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Euthyphro Case

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The various definitions of piety given by Euthyphro, seem to have a basic meaning, understanding and reasoning. As I read and understand Euthyphro's definition of Piety, I start to consider that I now have a clear definition of what Piety means. Since this is my first experience reading a Philosophical script. Euthyphro's first definition of piety is, "to prosecute the wrong doer." (Cahn, 2012, p. 22). Euthyphro's statement of piety claims that every person who does wrong, should be punished. From that definition of piety, my point of view is that every person who does wrong should be held accountable for their actions. It is important that people learn and grow from their mistakes. Another definition of piety given by Euthyprho, "What is dear to the gods is pious, what is not is impious." (Cahn, 2012, p.22). Basically Euthyphro's understanding of piety, means that whatever is right by the gods is just and what is not right by the gods, is injust. So Euthyphro's definitions of piety at first seem pretty straight forward. Socrates then starts to scrutinize Euthypro's definitions of piety, which leads Euthypro and myself for that matter confused of the nature of piety.

Socrates does not accept Euthypro's definition of piety, because the definitions seem to be contradicting themselves. Not only are Euthypro's definitions of piety contradicting themselves, but they seem to be changing throughout conversation with Socrates. Socrates is a very wise man; he has a great ability to be able to see things in a way that everyone around the situation will have gained a greater knowledge. While Socrates is trying to understand what piety actually means, he states to Euthyprho, "you told me an affect or quality of it, that the pious has the quality of being loved by all the gods, but you have not yet told me what the pious is." (Cahn, 2012, p.25). Euthypro is not able to give the definition of piety to Socrates, Euthypro continues claiming, that what is loved by the gods is pious and opposite is impious. Socrates also mentions that sometimes the gods differ and how some things are loved by the gods and others are unloved. He makes this point to Euthypro, because he does not understand where the word piety stands in this kind of circumstance. Socrates continues to ask questions and make examples of piety to Euthypro, because he is trying to come to an end with the nature and definition of piety. Through conversations, observations and examples it seems that a true definition of piety cannot be solved. Euthypro does not provide much information about piety; it is revealed that he has not much knowledge of the word. Even though Euthypro's at the court and prosecuting his own father of piety, he can't give a valid definition of the word to Socrates. Euthyphro was only able to give a universal term of piety.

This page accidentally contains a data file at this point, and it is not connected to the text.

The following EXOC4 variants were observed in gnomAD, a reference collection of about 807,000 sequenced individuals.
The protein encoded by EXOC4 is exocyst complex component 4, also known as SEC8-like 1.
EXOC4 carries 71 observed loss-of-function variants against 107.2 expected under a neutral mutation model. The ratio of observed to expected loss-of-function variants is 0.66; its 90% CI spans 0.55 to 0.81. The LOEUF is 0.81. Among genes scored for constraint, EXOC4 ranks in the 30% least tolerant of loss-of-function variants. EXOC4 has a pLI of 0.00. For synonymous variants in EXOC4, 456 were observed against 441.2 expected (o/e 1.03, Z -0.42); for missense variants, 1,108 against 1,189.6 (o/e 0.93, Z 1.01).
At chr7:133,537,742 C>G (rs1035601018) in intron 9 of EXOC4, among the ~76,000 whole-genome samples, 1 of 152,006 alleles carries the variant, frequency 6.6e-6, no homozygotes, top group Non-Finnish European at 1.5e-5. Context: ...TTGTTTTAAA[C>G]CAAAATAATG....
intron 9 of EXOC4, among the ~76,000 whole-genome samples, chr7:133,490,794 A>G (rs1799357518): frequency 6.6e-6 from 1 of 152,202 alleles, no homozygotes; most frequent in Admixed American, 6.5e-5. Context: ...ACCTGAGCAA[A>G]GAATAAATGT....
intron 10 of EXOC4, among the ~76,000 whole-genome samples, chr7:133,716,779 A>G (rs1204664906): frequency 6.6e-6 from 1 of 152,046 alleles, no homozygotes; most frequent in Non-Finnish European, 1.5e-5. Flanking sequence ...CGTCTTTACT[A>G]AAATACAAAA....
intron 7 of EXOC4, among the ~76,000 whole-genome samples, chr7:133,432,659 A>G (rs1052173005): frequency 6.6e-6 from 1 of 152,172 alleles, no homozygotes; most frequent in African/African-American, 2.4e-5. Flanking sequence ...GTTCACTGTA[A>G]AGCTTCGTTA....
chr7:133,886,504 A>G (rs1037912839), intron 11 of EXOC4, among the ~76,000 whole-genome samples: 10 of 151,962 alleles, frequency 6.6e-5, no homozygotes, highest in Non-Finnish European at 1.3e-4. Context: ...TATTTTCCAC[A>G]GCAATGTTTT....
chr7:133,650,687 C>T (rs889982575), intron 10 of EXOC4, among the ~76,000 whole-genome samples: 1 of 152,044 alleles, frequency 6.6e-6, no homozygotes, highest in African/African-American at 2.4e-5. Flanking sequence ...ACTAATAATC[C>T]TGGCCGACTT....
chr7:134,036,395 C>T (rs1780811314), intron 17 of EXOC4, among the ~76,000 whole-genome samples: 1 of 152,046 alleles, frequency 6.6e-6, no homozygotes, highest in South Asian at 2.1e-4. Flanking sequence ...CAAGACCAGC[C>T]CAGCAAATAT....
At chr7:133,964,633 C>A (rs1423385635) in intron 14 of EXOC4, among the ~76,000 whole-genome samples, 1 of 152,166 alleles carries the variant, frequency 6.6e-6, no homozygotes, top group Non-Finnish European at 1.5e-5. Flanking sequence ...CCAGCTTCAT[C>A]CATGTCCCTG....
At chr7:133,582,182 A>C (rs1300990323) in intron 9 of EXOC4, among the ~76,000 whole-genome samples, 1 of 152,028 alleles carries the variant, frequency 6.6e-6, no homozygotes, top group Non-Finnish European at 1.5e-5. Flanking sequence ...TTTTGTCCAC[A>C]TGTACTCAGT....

With Socrates' divine ignorance nature, he was not



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